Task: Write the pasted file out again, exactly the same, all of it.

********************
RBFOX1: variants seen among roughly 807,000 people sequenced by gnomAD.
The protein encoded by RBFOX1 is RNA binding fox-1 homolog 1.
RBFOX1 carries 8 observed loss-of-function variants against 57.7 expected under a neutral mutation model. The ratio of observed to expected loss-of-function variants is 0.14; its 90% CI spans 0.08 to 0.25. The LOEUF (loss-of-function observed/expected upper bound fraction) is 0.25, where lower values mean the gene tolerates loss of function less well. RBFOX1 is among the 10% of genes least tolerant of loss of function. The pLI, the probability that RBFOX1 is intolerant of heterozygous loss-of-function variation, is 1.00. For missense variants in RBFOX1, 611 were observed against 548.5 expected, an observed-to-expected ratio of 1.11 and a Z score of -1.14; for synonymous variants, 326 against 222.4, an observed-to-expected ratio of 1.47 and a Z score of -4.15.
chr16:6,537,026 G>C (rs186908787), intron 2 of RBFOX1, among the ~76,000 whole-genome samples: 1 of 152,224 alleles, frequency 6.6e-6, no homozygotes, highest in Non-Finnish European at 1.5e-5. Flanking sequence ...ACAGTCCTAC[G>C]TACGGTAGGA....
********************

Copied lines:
RBFOX1: variants seen among roughly 807,000 people sequenced by gnomAD.
The protein encoded by RBFOX1 is RNA binding fox-1 homolog 1.
RBFOX1 carries 8 observed loss-of-function variants against 57.7 expected under a neutral mutation model. The ratio of observed to expected loss-of-function variants is 0.14; its 90% CI spans 0.08 to 0.25. The LOEUF (loss-of-function observed/expected upper bound fraction) is 0.25, where lower values mean the gene tolerates loss of function less well. RBFOX1 is among the 10% of genes least tolerant of loss of function. The pLI, the probability that RBFOX1 is intolerant of heterozygous loss-of-function variation, is 1.00. For missense variants in RBFOX1, 611 were observed against 548.5 expected, an observed-to-expected ratio of 1.11 and a Z score of -1.14; for synonymous variants, 326 against 222.4, an observed-to-expected ratio of 1.47 and a Z score of -4.15.
chr16:6,537,026 G>C (rs186908787), intron 2 of RBFOX1, among the ~76,000 whole-genome samples: 1 of 152,224 alleles, frequency 6.6e-6, no homozygotes, highest in Non-Finnish European at 1.5e-5. Flanking sequence ...ACAGTCCTAC[G>C]TACGGTAGGA....